An innovative health insurance product paying hospital cash of US$25 a night in return for a premium of just US$1.50 a month? It sounds too good to be true, but for thousands of Ugandan women it is a reality thanks to a partnership founded on trust between banking and insurance.
Bringing inclusive finance and inclusive insurance together to create greater impact for under-insured and uninsured people was the theme of the 47th midi de la microfinance in Luxembourg, co-organised by the MiN, along with ADA and InFiNe.lu. Eighty participants gathered at the Bank of Luxembourg to hear Ann Nakawunde Mulindwa, Managing Director of the Finance Trust Bank in Uganda, and MiN member Gilles Renouil , Director of Microinsurance at Women's World Banking, discuss the challenges and rewards of putting a bank and an insurer together to scale up health insurance for women.
With MiN Board member Matthew Genazzini of ADA in the chair, the audience heard that insurance penetration in Uganda is a big challenge, at under three percent. “People think there are other ways to survive without insurance. It’s not an easy sell,” said Ann Nakawunde Mulindwa.
“When you are lending to women you have to understand their needs. Women have specific health needs. If women are healthy, they will be able to pay back their loans,” said Ann. “For most micro-enterprises, the business and the owner are inseparable. If the owner goes to hospital, the business suffers.”
For Gilles Renouil, it all came down to trust. “There are operational issues, but the main problem is trust. When a customer takes a loan from the bank, the bank trusts them to pay it back. Clients need to trust that their claim will be paid and paid quickly. Building trust is key.”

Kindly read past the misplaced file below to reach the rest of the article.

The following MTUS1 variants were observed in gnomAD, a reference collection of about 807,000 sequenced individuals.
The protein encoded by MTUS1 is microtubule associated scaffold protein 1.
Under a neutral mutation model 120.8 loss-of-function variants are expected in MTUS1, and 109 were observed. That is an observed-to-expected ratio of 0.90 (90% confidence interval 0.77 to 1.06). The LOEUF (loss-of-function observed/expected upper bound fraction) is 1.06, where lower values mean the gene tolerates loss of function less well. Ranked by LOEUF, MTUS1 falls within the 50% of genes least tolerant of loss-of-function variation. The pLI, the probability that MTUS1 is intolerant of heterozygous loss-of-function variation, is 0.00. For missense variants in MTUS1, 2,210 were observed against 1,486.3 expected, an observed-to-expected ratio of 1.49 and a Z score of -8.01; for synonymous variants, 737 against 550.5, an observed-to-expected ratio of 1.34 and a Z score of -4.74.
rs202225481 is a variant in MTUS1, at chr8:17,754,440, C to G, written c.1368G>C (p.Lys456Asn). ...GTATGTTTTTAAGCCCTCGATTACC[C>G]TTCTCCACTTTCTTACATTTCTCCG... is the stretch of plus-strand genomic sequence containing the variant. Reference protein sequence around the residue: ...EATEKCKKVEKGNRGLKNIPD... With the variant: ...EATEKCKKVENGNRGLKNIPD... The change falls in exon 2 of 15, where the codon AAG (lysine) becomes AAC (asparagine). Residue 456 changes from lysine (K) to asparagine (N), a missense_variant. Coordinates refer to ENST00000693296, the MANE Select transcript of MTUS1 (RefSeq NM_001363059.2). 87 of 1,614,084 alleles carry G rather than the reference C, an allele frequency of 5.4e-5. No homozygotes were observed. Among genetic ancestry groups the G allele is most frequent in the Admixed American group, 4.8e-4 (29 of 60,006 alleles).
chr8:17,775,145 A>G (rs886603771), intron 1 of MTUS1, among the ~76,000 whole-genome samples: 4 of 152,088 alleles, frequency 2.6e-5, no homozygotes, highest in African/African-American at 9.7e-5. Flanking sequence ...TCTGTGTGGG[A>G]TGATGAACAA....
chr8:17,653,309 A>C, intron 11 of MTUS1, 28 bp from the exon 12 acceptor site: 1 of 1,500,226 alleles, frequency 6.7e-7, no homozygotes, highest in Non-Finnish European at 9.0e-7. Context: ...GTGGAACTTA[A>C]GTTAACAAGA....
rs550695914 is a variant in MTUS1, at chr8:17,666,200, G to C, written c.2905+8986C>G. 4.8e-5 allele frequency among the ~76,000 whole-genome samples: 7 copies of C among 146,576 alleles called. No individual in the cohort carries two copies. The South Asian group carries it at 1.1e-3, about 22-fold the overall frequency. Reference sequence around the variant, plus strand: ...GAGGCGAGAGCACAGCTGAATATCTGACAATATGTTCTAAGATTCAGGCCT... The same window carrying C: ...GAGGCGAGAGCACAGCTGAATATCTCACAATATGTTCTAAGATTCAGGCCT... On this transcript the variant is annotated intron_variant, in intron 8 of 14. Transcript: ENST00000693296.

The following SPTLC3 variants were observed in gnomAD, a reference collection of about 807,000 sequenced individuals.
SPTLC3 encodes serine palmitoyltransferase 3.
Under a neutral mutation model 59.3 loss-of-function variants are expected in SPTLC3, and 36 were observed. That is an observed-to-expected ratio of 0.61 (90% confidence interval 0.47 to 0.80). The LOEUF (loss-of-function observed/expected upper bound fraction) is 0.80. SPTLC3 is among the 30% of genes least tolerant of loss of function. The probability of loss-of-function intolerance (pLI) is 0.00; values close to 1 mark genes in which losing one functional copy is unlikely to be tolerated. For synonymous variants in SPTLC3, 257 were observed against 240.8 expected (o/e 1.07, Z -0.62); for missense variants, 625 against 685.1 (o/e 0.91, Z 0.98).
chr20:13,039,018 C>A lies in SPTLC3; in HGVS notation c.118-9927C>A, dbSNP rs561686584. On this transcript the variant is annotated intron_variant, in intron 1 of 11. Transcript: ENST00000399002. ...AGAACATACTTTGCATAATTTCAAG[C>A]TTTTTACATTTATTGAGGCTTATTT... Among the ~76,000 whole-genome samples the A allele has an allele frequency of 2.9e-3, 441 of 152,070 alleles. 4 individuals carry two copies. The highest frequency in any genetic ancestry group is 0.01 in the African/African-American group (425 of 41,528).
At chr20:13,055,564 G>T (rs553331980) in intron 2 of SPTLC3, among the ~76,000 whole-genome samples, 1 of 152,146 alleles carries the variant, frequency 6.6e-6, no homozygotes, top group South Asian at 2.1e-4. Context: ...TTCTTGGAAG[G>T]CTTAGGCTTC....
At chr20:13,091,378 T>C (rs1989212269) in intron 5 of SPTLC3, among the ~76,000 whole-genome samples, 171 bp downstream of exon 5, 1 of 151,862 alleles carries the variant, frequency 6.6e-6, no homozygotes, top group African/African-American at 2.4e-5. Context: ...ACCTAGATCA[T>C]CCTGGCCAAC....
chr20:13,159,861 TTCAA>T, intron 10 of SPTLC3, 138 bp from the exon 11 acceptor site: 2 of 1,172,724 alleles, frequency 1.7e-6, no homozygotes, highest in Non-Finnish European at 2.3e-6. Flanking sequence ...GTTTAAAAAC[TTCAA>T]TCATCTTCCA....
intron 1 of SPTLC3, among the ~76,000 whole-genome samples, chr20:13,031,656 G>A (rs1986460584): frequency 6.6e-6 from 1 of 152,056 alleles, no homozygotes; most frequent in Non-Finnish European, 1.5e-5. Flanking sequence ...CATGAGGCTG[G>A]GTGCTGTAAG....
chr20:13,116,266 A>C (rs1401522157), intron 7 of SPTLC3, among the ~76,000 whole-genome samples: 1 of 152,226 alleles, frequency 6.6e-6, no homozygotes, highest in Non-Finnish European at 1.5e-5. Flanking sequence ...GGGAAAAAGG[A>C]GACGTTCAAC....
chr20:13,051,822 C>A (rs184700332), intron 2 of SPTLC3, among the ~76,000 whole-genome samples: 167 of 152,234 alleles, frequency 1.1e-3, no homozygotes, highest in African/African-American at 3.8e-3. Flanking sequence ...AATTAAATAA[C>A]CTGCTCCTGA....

There also needs to be trust between the bank and the insurer. “It wasn’t easy to persuade an insurer to come on board, the premium was so small, they couldn’t see the profit,” says Ann. “Putting the bank side and the insurance side together is not easy, and we are still working on it.”
There is a symbiotic relationship between microfinance and microinsurance. “Insurance is about risk mitigation, and micro-loans are risky, so as a bank, we went looking for partners who could offload that risk - those are the insurance companies,” says Ann. “It is also really important for the bank and the insurer to work together to ensure a fast, smooth claims process.”
“We don’t do microinsurance because it’s not our core competency,” she says. “We need the insurers to come and say ‘Here we are!’ But I find the insurers are slow to capture the market. We need the insurance corporations and associations to come to us and say, ‘Let’s do this together - because when we do it together, it’s cheaper.”